In 2019, Leisha Murphy wrote about reasons why separating spouses consider delaying selling the family home. In an update, Leisha discuses important things to consider if either you or your spouse are considering a “delayed sale.”
In a delayed sale, spouses agree (as part of their separation agreement) to retain ownership of the family home until a pre-determined time in the future, at which point either of them can cause a sale. This does not mean that both spouses will continue to live in the family home, but rather that they will each maintain a one-half interest in the home and share the net sale proceeds when it is eventually sold.
If you are considering a delayed sale, below are some of the key issues you may want to think about:
1. When can the sale be triggered? Some examples include when your children reach a certain age, or three years after your separation agreement is signed.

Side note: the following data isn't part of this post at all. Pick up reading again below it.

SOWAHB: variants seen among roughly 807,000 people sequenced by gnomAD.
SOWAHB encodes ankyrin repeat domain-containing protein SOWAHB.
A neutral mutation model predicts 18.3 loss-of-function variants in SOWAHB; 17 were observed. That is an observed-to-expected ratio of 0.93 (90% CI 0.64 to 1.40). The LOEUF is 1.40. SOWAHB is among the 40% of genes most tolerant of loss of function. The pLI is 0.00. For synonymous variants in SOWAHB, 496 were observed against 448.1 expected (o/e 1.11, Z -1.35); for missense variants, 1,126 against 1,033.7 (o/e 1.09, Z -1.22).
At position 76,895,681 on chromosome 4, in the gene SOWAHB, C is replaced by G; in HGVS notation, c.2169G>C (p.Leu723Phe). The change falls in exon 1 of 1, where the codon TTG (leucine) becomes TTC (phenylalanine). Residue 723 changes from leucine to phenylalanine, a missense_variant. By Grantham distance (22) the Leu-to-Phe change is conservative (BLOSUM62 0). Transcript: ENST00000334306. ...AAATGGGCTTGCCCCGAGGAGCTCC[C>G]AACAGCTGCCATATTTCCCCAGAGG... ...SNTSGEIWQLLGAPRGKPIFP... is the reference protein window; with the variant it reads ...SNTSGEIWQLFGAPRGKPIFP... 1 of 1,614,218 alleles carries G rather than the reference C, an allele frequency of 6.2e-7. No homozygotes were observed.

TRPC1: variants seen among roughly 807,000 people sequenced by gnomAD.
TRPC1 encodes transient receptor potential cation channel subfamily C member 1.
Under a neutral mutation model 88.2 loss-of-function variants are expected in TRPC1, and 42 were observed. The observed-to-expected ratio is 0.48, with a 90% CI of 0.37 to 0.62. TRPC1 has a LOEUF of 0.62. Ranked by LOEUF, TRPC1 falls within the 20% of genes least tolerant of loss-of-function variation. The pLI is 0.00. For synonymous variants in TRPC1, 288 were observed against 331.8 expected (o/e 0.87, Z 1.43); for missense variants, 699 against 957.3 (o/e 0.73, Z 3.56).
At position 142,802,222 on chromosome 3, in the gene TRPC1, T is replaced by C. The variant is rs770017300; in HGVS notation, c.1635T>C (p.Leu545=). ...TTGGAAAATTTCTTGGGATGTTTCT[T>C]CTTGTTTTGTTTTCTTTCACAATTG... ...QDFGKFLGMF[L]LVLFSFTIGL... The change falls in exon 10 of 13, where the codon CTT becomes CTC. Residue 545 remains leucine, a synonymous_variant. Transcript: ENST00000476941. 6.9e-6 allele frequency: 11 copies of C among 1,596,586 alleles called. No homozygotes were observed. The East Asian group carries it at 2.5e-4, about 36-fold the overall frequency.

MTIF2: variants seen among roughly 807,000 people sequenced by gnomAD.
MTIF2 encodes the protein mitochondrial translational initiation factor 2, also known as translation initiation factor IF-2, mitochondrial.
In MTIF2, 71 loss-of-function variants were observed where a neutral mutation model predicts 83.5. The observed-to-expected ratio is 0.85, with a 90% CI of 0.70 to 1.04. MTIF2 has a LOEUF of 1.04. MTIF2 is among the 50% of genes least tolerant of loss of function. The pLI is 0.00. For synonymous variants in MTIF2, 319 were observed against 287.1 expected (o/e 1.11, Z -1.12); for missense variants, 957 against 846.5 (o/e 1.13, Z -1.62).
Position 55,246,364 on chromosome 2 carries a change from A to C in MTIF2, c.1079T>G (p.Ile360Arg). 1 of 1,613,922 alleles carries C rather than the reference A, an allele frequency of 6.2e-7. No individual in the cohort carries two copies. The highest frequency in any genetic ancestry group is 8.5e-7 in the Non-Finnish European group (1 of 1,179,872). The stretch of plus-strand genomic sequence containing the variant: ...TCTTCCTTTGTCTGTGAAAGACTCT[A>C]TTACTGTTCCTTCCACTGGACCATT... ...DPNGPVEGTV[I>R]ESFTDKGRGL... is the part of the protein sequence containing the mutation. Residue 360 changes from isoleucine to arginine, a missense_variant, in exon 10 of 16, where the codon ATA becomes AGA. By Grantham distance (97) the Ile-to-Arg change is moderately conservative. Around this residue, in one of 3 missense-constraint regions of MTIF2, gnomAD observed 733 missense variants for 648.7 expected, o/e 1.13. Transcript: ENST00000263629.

2. How can the sale be triggered? For example, can one spouse decide or do both have to agree?
3. Can one spouse buy the other’s interest when the sale is triggered? If so, how will the purchase price be determined?
4. Who is responsible for which home-related expenses if only one spouse lives in the home between separation and the eventual sale? Examples of shared expenses might include mortgage payments, property taxes, house insurance, strata fees and major repairs, while the resident spouse might be solely responsible for costs like utilities, internet, minor repairs and maintenance.
5. Does the non-resident spouse receive any sort of compensation for his or her loss of use of the home?
If you are considering a delayed sale, you will want to think about your former spouse as a business partner, not a spouse. For that partnership to succeed, you both need to be on the same page. A detailed agreement can help ensure that your expectations are aligned and reduce the possibility of future misunderstandings between you.